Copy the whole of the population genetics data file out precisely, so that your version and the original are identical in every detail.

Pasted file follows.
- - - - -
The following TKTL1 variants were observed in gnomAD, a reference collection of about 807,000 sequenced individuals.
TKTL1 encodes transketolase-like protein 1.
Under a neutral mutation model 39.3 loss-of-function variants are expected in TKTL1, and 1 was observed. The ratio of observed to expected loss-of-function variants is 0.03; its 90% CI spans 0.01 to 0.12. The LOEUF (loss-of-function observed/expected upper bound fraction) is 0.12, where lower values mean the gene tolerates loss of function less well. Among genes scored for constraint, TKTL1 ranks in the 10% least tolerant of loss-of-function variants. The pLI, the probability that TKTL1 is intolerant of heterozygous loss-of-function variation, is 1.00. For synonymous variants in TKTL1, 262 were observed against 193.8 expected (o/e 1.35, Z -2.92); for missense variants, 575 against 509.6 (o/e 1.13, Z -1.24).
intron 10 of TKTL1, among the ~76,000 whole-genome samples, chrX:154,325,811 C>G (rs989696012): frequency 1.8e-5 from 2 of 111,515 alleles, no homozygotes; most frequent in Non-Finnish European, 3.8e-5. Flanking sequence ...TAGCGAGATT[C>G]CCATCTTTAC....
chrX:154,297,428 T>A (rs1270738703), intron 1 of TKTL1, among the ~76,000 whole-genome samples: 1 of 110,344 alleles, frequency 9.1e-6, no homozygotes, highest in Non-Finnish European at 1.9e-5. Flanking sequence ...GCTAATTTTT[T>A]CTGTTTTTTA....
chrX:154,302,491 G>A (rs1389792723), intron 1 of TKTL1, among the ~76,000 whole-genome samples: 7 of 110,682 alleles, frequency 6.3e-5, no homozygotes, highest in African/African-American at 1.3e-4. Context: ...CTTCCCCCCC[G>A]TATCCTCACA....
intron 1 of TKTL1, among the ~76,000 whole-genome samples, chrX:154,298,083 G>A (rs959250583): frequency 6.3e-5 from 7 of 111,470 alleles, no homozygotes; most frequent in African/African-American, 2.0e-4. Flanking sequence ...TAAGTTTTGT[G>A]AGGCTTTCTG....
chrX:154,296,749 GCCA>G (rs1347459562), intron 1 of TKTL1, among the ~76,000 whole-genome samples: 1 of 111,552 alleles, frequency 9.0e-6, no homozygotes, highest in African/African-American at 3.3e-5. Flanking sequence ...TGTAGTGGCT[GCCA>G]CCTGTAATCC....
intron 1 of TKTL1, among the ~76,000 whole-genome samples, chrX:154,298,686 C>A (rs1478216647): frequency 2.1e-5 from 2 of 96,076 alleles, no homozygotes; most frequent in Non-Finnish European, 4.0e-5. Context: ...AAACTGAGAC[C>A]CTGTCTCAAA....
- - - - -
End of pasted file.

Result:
The following TKTL1 variants were observed in gnomAD, a reference collection of about 807,000 sequenced individuals.
TKTL1 encodes transketolase-like protein 1.
Under a neutral mutation model 39.3 loss-of-function variants are expected in TKTL1, and 1 was observed. The ratio of observed to expected loss-of-function variants is 0.03; its 90% CI spans 0.01 to 0.12. The LOEUF (loss-of-function observed/expected upper bound fraction) is 0.12, where lower values mean the gene tolerates loss of function less well. Among genes scored for constraint, TKTL1 ranks in the 10% least tolerant of loss-of-function variants. The pLI, the probability that TKTL1 is intolerant of heterozygous loss-of-function variation, is 1.00. For synonymous variants in TKTL1, 262 were observed against 193.8 expected (o/e 1.35, Z -2.92); for missense variants, 575 against 509.6 (o/e 1.13, Z -1.24).
intron 10 of TKTL1, among the ~76,000 whole-genome samples, chrX:154,325,811 C>G (rs989696012): frequency 1.8e-5 from 2 of 111,515 alleles, no homozygotes; most frequent in Non-Finnish European, 3.8e-5. Flanking sequence ...TAGCGAGATT[C>G]CCATCTTTAC....
chrX:154,297,428 T>A (rs1270738703), intron 1 of TKTL1, among the ~76,000 whole-genome samples: 1 of 110,344 alleles, frequency 9.1e-6, no homozygotes, highest in Non-Finnish European at 1.9e-5. Flanking sequence ...GCTAATTTTT[T>A]CTGTTTTTTA....
chrX:154,302,491 G>A (rs1389792723), intron 1 of TKTL1, among the ~76,000 whole-genome samples: 7 of 110,682 alleles, frequency 6.3e-5, no homozygotes, highest in African/African-American at 1.3e-4. Context: ...CTTCCCCCCC[G>A]TATCCTCACA....
intron 1 of TKTL1, among the ~76,000 whole-genome samples, chrX:154,298,083 G>A (rs959250583): frequency 6.3e-5 from 7 of 111,470 alleles, no homozygotes; most frequent in African/African-American, 2.0e-4. Flanking sequence ...TAAGTTTTGT[G>A]AGGCTTTCTG....
chrX:154,296,749 GCCA>G (rs1347459562), intron 1 of TKTL1, among the ~76,000 whole-genome samples: 1 of 111,552 alleles, frequency 9.0e-6, no homozygotes, highest in African/African-American at 3.3e-5. Flanking sequence ...TGTAGTGGCT[GCCA>G]CCTGTAATCC....
intron 1 of TKTL1, among the ~76,000 whole-genome samples, chrX:154,298,686 C>A (rs1478216647): frequency 2.1e-5 from 2 of 96,076 alleles, no homozygotes; most frequent in Non-Finnish European, 4.0e-5. Context: ...AAACTGAGAC[C>A]CTGTCTCAAA....